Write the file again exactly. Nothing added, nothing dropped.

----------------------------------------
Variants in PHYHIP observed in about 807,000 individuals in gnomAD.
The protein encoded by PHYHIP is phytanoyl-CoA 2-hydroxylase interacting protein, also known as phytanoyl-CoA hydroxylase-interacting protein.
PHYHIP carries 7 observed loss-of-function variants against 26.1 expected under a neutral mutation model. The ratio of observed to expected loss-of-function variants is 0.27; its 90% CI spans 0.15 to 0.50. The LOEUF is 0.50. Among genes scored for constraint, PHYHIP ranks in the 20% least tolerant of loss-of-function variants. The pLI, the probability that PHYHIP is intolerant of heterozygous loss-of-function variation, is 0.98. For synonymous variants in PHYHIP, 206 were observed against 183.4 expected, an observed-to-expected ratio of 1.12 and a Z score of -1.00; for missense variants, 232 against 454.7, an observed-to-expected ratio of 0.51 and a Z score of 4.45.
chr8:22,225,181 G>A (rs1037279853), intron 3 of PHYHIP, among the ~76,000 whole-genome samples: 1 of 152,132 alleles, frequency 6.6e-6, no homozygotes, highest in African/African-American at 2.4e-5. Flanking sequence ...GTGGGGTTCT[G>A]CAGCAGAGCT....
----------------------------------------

Variants in PHYHIP observed in about 807,000 individuals in gnomAD.
The protein encoded by PHYHIP is phytanoyl-CoA 2-hydroxylase interacting protein, also known as phytanoyl-CoA hydroxylase-interacting protein.
PHYHIP carries 7 observed loss-of-function variants against 26.1 expected under a neutral mutation model. The ratio of observed to expected loss-of-function variants is 0.27; its 90% CI spans 0.15 to 0.50. The LOEUF is 0.50. Among genes scored for constraint, PHYHIP ranks in the 20% least tolerant of loss-of-function variants. The pLI, the probability that PHYHIP is intolerant of heterozygous loss-of-function variation, is 0.98. For synonymous variants in PHYHIP, 206 were observed against 183.4 expected, an observed-to-expected ratio of 1.12 and a Z score of -1.00; for missense variants, 232 against 454.7, an observed-to-expected ratio of 0.51 and a Z score of 4.45.
chr8:22,225,181 G>A (rs1037279853), intron 3 of PHYHIP, among the ~76,000 whole-genome samples: 1 of 152,132 alleles, frequency 6.6e-6, no homozygotes, highest in African/African-American at 2.4e-5. Flanking sequence ...GTGGGGTTCT[G>A]CAGCAGAGCT....